Calendar An icon of a desk calendar. Cancel An icon of a circle with a diagonal line across. Caret An icon of a block arrow pointing to the right. Email An icon of a paper envelope. Facebook An icon of the Facebook "f" mark. Google An icon of the Google "G" mark. Linked In An icon of the Linked In "in" mark. Logout An icon representing logout. Profile An icon that resembles human head and shoulders. Telephone An icon of a traditional telephone receiver. Tick An icon of a tick mark. Is Public An icon of a human eye and eyelashes. Is Not Public An icon of a human eye and eyelashes with a diagonal line through it. Pause Icon A two-lined pause icon for stopping interactions. Quote Mark A opening quote mark. Quote Mark A closing quote mark. Arrow An icon of an arrow. Folder An icon of a paper folder. Breaking An icon of an exclamation mark on a circular background. Camera An icon of a digital camera. Caret An icon of a caret arrow. Clock An icon of a clock face. Close An icon of the an X shape. Close Icon An icon used to represent where to interact to collapse or dismiss a component Comment An icon of a speech bubble. Comments An icon of a speech bubble, denoting user comments. Ellipsis An icon of 3 horizontal dots. Envelope An icon of a paper envelope. Facebook An icon of a facebook f logo. Camera An icon of a digital camera. Home An icon of a house. Instagram An icon of the Instagram logo. LinkedIn An icon of the LinkedIn logo. Magnifying Glass An icon of a magnifying glass. Search Icon A magnifying glass icon that is used to represent the function of searching. Menu An icon of 3 horizontal lines. Hamburger Menu Icon An icon used to represent a collapsed menu. Next An icon of an arrow pointing to the right. Notice An explanation mark centred inside a circle. Previous An icon of an arrow pointing to the left. Rating An icon of a star. Tag An icon of a tag. Twitter An icon of the Twitter logo. Video Camera An icon of a video camera shape. Speech Bubble Icon A icon displaying a speech bubble WhatsApp An icon of the WhatsApp logo. Information An icon of an information logo. Plus A mathematical 'plus' symbol. Duration An icon indicating Time. Success Tick An icon of a green tick. Success Tick Timeout An icon of a greyed out success tick. Loading Spinner An icon of a loading spinner.

Auditors warn council reserves of cash for use in emergencies are drying up

Aberdeenshire Council's HQ.
Aberdeenshire Council's HQ.

Aberdeenshire Council has been warned by a financial watchdog that its reserves of cash for use in emergencies are drying up.

Audit Scotland, which monitors how public money is spent, has published an annual report which shows that the north-east authority has “one of the lowest” balances of reserves in the county.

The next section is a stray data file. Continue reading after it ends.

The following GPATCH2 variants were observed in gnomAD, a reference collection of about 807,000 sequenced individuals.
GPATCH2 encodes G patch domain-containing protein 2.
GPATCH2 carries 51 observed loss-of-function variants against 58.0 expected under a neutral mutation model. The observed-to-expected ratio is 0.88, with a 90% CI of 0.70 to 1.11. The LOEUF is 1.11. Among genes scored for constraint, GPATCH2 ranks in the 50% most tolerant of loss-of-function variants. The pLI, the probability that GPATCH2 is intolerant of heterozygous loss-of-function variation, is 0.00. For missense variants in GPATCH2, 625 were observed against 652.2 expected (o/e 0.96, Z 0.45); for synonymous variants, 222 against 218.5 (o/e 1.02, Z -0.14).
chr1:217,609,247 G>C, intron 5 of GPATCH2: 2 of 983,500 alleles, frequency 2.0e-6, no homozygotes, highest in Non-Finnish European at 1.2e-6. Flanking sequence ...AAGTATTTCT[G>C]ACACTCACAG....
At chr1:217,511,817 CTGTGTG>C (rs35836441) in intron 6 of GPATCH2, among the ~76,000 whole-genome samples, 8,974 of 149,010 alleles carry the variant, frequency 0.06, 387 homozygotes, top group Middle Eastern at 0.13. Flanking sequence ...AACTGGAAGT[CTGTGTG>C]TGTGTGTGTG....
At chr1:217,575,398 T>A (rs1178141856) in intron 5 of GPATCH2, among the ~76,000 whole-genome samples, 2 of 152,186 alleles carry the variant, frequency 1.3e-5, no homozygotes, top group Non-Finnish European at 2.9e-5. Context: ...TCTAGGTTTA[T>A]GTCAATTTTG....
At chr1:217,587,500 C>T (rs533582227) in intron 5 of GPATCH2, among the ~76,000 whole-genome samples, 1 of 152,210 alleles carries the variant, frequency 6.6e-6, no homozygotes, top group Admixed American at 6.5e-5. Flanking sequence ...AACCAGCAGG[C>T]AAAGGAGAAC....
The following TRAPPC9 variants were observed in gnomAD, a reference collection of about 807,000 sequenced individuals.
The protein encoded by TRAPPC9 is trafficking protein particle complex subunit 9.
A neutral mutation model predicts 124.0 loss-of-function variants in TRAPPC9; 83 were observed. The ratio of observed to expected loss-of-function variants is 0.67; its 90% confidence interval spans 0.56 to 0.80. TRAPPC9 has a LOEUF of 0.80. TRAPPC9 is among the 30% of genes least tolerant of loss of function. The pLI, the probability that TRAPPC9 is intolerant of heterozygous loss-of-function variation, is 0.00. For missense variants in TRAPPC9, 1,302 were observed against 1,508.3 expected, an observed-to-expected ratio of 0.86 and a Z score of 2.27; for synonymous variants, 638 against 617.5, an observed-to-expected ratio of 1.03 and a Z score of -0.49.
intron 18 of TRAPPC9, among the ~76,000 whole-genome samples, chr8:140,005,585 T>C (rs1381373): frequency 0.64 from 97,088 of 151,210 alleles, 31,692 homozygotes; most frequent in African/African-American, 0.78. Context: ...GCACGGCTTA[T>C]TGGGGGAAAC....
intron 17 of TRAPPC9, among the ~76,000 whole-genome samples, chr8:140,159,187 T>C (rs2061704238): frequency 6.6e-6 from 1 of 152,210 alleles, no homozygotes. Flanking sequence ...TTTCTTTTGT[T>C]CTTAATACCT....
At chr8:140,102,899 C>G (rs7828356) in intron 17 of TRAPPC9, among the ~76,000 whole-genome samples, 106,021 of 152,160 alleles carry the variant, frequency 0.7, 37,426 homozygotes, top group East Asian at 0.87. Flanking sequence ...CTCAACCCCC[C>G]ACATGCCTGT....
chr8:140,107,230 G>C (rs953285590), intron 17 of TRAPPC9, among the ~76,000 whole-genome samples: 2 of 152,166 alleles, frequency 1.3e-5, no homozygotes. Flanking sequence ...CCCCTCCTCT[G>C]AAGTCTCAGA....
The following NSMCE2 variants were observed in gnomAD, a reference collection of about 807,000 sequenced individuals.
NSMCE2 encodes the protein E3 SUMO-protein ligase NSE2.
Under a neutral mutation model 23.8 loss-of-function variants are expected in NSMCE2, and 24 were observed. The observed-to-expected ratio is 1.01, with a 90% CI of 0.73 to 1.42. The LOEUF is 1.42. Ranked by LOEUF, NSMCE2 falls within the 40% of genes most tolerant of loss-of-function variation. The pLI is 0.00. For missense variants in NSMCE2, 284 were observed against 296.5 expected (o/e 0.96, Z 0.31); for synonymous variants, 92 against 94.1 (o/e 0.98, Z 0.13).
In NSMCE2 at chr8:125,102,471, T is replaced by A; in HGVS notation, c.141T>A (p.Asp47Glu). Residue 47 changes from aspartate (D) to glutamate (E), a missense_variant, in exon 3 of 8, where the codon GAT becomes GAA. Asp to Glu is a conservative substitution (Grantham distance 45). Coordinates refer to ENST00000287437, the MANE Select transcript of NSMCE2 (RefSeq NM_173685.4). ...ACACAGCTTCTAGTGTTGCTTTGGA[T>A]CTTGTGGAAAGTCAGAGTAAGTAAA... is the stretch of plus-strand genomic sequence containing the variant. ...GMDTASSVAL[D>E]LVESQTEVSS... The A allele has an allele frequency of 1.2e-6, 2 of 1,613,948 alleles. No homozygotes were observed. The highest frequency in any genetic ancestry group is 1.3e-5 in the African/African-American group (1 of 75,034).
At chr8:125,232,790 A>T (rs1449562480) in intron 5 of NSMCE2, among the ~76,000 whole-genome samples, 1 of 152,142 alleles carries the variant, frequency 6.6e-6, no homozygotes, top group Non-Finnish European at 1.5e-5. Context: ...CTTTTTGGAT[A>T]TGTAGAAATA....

The external audit of Aberdeenshire’s accounts is generally positive, but auditors said that, in the case of “unforeseen events”, such as last year’s dramatic storm flooding, the council may be forced to reduce services.

And the report concluded: “It will be increasingly difficult for the council to use reserves to help fund expenditure in the future.”

However, council chiefs argued last night that the authority has a good handle on its finances and is prepared to move money from other reserves or borrow to cope with a crisis.

Council finance chief Alan Wood confirmed his team is not relying on the reserves to cover holes in the core budget.

Mr Wood added the report only refers to uncommitted reserves, and does not take into account reserves that have been set aside for regeneration, affordable housing or rural broadband.

He said the council also had the capacacity to borrow cash, adding: “If there was an unforeseen disaster – god forbid we lost one of our assets – then we can borrow money in those circumstances.”

Council leader Jim Gifford echoed the finance director and stated: “Alan is absolutely right – if something happens, we have reserves and the ability to borrow.

“In the case of Storm Frank last year, there are other emergency funds we can tap into. It’s about making the best of the pot of money we have.”

SNP councillor and opposition leader Richard Thomson responded that councillors take professional advice from Mr Wood and his team and that nothing in the report regarding reserves “should come as any surprise”.

Labour councillor Alison Evison added the council can only set its budget based on the money available and the priority must always be tackling social and economic “challenges”.

Democratic Independent and Green Group member, Martin Ford, concluded: “Reserves are necessary for dealing with the unexpected.

“But it isn’t sensible to hold very large amounts of money which could be better invested for the benefit of Aberdeenshire.”

Already a subscriber? Sign in